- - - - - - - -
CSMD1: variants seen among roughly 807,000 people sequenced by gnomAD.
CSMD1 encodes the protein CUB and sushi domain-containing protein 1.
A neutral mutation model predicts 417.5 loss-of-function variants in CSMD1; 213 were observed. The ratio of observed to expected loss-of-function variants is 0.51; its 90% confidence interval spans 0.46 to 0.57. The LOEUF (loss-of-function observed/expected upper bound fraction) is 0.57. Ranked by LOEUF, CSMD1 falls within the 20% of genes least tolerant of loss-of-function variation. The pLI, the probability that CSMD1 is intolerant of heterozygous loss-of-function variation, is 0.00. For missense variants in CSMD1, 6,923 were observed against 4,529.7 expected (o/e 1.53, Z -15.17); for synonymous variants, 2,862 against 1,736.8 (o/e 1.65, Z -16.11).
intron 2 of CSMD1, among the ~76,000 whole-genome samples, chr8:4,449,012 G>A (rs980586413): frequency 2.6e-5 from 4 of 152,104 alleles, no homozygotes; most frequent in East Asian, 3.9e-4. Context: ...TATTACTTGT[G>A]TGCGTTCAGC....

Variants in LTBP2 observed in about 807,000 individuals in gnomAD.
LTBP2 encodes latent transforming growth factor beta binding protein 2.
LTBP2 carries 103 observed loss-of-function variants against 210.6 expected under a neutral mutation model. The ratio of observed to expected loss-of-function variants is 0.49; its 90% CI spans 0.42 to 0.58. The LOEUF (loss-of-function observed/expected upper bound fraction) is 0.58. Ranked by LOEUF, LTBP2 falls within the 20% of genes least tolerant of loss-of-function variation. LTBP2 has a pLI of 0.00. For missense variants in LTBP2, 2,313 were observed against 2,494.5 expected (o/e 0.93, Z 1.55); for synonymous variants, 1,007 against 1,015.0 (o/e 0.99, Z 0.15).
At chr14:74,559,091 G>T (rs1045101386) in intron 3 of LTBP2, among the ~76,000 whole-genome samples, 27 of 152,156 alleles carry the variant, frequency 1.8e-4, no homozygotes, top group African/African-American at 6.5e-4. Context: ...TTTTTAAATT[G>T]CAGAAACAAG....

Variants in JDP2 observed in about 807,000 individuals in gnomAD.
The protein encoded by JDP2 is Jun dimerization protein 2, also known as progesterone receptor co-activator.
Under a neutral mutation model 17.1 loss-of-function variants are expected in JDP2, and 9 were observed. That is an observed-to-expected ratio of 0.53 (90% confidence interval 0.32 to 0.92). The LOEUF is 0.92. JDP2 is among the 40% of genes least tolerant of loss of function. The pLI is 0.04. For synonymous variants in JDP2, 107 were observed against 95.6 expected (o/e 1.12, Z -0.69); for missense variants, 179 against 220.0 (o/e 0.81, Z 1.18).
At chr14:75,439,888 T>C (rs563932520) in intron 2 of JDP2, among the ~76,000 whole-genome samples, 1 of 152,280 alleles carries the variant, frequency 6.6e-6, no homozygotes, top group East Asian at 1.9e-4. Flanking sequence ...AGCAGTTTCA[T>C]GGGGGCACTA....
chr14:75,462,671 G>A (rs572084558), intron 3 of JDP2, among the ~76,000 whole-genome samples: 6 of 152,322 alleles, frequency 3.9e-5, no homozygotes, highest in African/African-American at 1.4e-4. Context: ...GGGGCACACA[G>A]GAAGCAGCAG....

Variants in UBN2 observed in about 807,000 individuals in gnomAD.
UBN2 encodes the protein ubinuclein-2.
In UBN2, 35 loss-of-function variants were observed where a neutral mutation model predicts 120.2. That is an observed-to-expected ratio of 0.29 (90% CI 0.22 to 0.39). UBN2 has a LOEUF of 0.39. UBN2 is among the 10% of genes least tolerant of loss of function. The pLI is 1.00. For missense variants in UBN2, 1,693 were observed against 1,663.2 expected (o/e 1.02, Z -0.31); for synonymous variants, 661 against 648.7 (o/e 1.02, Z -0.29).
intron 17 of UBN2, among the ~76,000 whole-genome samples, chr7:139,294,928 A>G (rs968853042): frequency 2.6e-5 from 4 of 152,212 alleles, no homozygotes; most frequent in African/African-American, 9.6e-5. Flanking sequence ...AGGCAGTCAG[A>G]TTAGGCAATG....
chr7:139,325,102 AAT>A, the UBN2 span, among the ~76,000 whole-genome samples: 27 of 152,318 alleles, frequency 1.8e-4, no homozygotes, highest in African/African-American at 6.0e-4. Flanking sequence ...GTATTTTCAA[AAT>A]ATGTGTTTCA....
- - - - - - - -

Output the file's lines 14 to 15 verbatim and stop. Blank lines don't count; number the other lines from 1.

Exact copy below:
Variants in UBN2 observed in about 807,000 individuals in gnomAD.
UBN2 encodes the protein ubinuclein-2.